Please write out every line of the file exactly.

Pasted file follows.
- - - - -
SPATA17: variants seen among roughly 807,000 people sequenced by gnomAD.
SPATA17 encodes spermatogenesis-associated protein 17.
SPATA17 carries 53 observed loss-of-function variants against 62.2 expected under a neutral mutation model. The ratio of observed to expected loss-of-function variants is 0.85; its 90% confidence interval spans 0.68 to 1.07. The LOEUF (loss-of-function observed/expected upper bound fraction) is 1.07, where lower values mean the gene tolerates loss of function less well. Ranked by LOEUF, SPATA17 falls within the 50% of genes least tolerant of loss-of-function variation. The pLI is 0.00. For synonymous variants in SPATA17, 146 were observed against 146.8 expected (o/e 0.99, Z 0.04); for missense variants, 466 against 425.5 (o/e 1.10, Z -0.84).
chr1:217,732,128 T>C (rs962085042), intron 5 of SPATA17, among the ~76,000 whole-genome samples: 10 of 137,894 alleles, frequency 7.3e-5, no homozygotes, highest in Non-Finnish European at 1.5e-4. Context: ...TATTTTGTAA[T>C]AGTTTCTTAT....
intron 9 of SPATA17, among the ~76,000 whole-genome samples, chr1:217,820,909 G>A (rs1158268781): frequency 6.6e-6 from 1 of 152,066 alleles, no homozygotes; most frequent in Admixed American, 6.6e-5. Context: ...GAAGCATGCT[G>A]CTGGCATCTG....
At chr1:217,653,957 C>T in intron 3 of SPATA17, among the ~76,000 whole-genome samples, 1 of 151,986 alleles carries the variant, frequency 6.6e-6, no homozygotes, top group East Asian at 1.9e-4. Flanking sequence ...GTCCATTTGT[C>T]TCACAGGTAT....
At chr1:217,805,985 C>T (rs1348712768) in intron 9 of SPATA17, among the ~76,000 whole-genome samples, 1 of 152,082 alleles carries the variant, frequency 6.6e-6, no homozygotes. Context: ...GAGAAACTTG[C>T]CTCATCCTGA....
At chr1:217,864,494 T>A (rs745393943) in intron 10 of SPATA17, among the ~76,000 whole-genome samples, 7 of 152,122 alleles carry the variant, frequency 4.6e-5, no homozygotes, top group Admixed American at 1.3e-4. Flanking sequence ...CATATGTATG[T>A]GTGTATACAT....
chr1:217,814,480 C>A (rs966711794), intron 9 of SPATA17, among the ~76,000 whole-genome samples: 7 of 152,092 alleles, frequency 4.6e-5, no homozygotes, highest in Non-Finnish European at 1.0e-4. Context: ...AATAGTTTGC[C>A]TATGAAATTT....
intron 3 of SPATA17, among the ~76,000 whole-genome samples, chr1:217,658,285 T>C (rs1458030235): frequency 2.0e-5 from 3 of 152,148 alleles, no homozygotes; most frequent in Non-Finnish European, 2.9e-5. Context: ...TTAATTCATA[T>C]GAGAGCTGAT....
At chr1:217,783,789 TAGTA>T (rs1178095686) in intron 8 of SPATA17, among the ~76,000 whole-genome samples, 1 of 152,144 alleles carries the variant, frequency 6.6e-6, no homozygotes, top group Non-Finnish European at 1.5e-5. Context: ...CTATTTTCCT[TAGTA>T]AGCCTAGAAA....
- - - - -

SPATA17: variants seen among roughly 807,000 people sequenced by gnomAD.
SPATA17 encodes spermatogenesis-associated protein 17.
SPATA17 carries 53 observed loss-of-function variants against 62.2 expected under a neutral mutation model. The ratio of observed to expected loss-of-function variants is 0.85; its 90% confidence interval spans 0.68 to 1.07. The LOEUF (loss-of-function observed/expected upper bound fraction) is 1.07, where lower values mean the gene tolerates loss of function less well. Ranked by LOEUF, SPATA17 falls within the 50% of genes least tolerant of loss-of-function variation. The pLI is 0.00. For synonymous variants in SPATA17, 146 were observed against 146.8 expected (o/e 0.99, Z 0.04); for missense variants, 466 against 425.5 (o/e 1.10, Z -0.84).
chr1:217,732,128 T>C (rs962085042), intron 5 of SPATA17, among the ~76,000 whole-genome samples: 10 of 137,894 alleles, frequency 7.3e-5, no homozygotes, highest in Non-Finnish European at 1.5e-4. Context: ...TATTTTGTAA[T>C]AGTTTCTTAT....
intron 9 of SPATA17, among the ~76,000 whole-genome samples, chr1:217,820,909 G>A (rs1158268781): frequency 6.6e-6 from 1 of 152,066 alleles, no homozygotes; most frequent in Admixed American, 6.6e-5. Context: ...GAAGCATGCT[G>A]CTGGCATCTG....
At chr1:217,653,957 C>T in intron 3 of SPATA17, among the ~76,000 whole-genome samples, 1 of 151,986 alleles carries the variant, frequency 6.6e-6, no homozygotes, top group East Asian at 1.9e-4. Flanking sequence ...GTCCATTTGT[C>T]TCACAGGTAT....
At chr1:217,805,985 C>T (rs1348712768) in intron 9 of SPATA17, among the ~76,000 whole-genome samples, 1 of 152,082 alleles carries the variant, frequency 6.6e-6, no homozygotes. Context: ...GAGAAACTTG[C>T]CTCATCCTGA....
At chr1:217,864,494 T>A (rs745393943) in intron 10 of SPATA17, among the ~76,000 whole-genome samples, 7 of 152,122 alleles carry the variant, frequency 4.6e-5, no homozygotes, top group Admixed American at 1.3e-4. Flanking sequence ...CATATGTATG[T>A]GTGTATACAT....
chr1:217,814,480 C>A (rs966711794), intron 9 of SPATA17, among the ~76,000 whole-genome samples: 7 of 152,092 alleles, frequency 4.6e-5, no homozygotes, highest in Non-Finnish European at 1.0e-4. Context: ...AATAGTTTGC[C>A]TATGAAATTT....
intron 3 of SPATA17, among the ~76,000 whole-genome samples, chr1:217,658,285 T>C (rs1458030235): frequency 2.0e-5 from 3 of 152,148 alleles, no homozygotes; most frequent in Non-Finnish European, 2.9e-5. Context: ...TTAATTCATA[T>C]GAGAGCTGAT....
At chr1:217,783,789 TAGTA>T (rs1178095686) in intron 8 of SPATA17, among the ~76,000 whole-genome samples, 1 of 152,144 alleles carries the variant, frequency 6.6e-6, no homozygotes, top group Non-Finnish European at 1.5e-5. Context: ...CTATTTTCCT[TAGTA>T]AGCCTAGAAA....